MykoWeb Mushroom Blog

WebWatch: The beginnings of mycology on the World Wide Web

Posted on 14 May 2009 by Michael Wood

The “World Wide Web” and the “Internet” are two terms that are often mistakenly used as synonyms, but they are not the same. The World Wide Web (“Web” or “WWW”) is made up of the documents and other information made available over the Internet, which consists of the computers, routers, wires, and cables that make this information available. In other words, the WWW is the info and the Internet is the infrastructure.

The World Wide Web was invented in 1990 by Tim Berners-Lee at the CERN labs in Switzerland. Although it became publicly accessible in 1991, the early Web was text based until the first widely available graphical browser, Mozilla, was released in 1993. The Web did not really start to take off until the release of Netscape Navigator version 1 in November 1994 and especially version 1.1 in March of 1995.

MykoWeb

This is also the time when we see the first mycology orientated Web sites. The earliest mycological Web presence of which I am aware is the images that Tom Volk had on a Gopher server starting in July 1994. Unless you are a real geek, you probably don’t remember Gopher servers, an early Web technology that allowed files to be transferred over the Internet. The first actual mycological related Web sites appeared in 1995. One of the very first sites was my own website, MykoWeb, which went online on 27 September 1995. Another of the early sites was Tom Volk’s on 25 November 1995.

Beginning in 1996 a number of new mycology related web sites began to appear. Many of these early site are long gone: “Clamp Connexions”, “Mushroom Heaven”, and “Wild Mushrooms: How to Find, Cook, and Eat Them – and Survive!” are examples. Some sites started with promise, but have remained totally stagnant since the beginning: “mycoElectronica”  and “Finest Fungi Fancier File”  are good examples. It would be best that sites that stale be removed.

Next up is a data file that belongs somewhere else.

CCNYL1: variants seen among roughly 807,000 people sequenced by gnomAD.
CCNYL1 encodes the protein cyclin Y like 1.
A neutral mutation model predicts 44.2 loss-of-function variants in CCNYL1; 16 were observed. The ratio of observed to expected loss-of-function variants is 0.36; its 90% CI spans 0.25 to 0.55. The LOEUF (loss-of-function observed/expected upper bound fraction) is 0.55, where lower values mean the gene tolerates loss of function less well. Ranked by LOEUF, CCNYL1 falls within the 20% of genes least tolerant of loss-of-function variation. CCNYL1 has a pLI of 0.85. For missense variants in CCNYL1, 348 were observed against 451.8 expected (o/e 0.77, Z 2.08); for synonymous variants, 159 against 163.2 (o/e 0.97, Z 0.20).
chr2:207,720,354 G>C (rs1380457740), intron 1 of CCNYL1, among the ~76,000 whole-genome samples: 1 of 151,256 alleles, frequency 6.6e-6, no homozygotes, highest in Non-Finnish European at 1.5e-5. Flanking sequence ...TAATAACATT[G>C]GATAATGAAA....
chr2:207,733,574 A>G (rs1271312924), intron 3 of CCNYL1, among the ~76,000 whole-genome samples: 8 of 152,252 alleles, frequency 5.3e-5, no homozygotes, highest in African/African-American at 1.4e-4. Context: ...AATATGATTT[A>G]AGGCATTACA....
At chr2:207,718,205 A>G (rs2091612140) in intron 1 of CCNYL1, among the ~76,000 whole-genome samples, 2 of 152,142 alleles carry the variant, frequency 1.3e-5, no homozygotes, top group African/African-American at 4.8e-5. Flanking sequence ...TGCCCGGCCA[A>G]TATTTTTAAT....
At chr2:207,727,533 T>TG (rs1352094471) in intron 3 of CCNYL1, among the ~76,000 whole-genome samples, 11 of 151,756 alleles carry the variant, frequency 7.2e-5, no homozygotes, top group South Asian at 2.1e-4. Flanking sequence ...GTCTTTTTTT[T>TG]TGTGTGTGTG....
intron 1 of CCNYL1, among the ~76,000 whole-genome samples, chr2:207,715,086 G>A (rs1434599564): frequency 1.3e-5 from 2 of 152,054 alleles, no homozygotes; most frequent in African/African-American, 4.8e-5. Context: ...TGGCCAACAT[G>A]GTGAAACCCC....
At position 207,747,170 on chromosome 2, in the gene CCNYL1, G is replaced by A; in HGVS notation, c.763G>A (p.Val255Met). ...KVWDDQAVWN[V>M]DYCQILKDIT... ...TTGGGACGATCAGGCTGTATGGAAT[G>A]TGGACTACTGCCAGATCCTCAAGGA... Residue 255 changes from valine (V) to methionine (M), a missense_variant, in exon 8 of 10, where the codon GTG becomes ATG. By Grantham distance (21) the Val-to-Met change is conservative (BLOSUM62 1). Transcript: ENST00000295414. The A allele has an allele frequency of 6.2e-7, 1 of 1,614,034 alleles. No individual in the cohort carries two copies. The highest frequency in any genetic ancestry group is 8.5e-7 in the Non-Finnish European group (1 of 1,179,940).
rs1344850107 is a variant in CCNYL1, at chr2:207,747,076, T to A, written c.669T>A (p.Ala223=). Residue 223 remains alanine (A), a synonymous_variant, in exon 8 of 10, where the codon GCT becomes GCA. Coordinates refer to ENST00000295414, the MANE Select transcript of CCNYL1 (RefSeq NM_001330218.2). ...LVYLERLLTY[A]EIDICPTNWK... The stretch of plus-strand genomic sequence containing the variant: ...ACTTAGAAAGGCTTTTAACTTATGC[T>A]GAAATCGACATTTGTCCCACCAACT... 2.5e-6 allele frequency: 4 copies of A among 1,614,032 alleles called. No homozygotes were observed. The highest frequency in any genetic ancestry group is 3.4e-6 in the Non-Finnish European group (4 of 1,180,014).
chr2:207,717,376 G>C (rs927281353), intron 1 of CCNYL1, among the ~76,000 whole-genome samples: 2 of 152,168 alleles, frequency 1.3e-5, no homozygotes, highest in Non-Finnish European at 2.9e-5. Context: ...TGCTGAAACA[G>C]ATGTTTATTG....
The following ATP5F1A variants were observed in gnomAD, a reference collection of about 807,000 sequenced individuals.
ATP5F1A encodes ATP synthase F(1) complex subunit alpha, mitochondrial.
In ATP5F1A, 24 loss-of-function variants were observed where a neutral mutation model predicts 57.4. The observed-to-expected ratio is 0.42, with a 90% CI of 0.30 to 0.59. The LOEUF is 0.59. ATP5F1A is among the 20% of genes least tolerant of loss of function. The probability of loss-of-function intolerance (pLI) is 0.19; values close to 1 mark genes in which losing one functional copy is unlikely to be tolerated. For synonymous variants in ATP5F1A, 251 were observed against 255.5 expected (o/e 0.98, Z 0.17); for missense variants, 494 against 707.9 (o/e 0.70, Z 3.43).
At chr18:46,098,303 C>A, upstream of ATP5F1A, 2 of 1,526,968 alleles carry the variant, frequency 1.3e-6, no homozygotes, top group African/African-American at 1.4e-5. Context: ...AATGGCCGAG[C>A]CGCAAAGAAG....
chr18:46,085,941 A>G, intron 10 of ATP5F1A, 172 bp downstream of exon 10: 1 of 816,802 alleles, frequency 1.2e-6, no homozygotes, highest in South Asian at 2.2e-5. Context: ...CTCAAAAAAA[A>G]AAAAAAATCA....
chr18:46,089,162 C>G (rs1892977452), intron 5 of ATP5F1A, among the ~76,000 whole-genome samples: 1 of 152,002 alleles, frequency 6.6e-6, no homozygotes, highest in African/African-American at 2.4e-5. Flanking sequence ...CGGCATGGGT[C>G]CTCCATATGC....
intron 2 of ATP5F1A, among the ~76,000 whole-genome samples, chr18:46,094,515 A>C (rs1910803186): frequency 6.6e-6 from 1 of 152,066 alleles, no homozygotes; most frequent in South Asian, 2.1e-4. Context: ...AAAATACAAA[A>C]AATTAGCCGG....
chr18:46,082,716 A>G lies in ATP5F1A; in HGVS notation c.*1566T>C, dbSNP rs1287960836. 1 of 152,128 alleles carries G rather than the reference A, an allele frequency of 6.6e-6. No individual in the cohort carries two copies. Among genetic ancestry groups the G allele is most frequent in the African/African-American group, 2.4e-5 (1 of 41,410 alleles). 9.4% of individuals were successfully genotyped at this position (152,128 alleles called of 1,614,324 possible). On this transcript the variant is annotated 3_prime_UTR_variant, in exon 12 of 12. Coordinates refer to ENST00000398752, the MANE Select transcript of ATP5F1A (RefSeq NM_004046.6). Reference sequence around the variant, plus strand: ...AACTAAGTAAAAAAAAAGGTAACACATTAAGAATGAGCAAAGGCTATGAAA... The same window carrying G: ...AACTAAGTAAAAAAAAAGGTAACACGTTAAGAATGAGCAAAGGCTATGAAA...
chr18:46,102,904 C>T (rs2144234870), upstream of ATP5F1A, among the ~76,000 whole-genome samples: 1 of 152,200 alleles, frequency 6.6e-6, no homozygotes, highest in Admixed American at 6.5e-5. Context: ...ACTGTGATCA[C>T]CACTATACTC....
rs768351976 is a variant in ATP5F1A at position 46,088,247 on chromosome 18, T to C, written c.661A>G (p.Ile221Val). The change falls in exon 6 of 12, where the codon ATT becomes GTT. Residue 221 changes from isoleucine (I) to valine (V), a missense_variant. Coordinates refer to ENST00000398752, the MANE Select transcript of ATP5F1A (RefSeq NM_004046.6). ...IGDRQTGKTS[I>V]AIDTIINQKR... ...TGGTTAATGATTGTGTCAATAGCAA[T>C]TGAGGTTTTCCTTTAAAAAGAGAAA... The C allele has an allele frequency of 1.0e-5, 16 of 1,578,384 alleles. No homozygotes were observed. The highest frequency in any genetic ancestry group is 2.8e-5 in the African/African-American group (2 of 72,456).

Some of the other early mycology sites have grown and improved. The best example is the early, rudimentary web work of Nathan Wilson, which has morphed into one of the best mycology information sites on the Web: MushroomObserver.org. Other examples are “Dave Fischer’s Marvelous Mushroom Homepage”, which is still around with the new name of “American Mushrooms”, Paul Stamet’s “Fungi Perfecti”, and Taylor Lockwood’s “Treasures from the Kingdom of Fungi”.

Also around 1995 and 1996, North American amateur mushroom clubs began having a presence on the World Wide Web. The first that I am aware of is the website of the Mycological Society of San Francisco, which began on 10 October 1995.

(This originally published in Fungi Magazine: Vol. 1, No. 1; Spring 2008)

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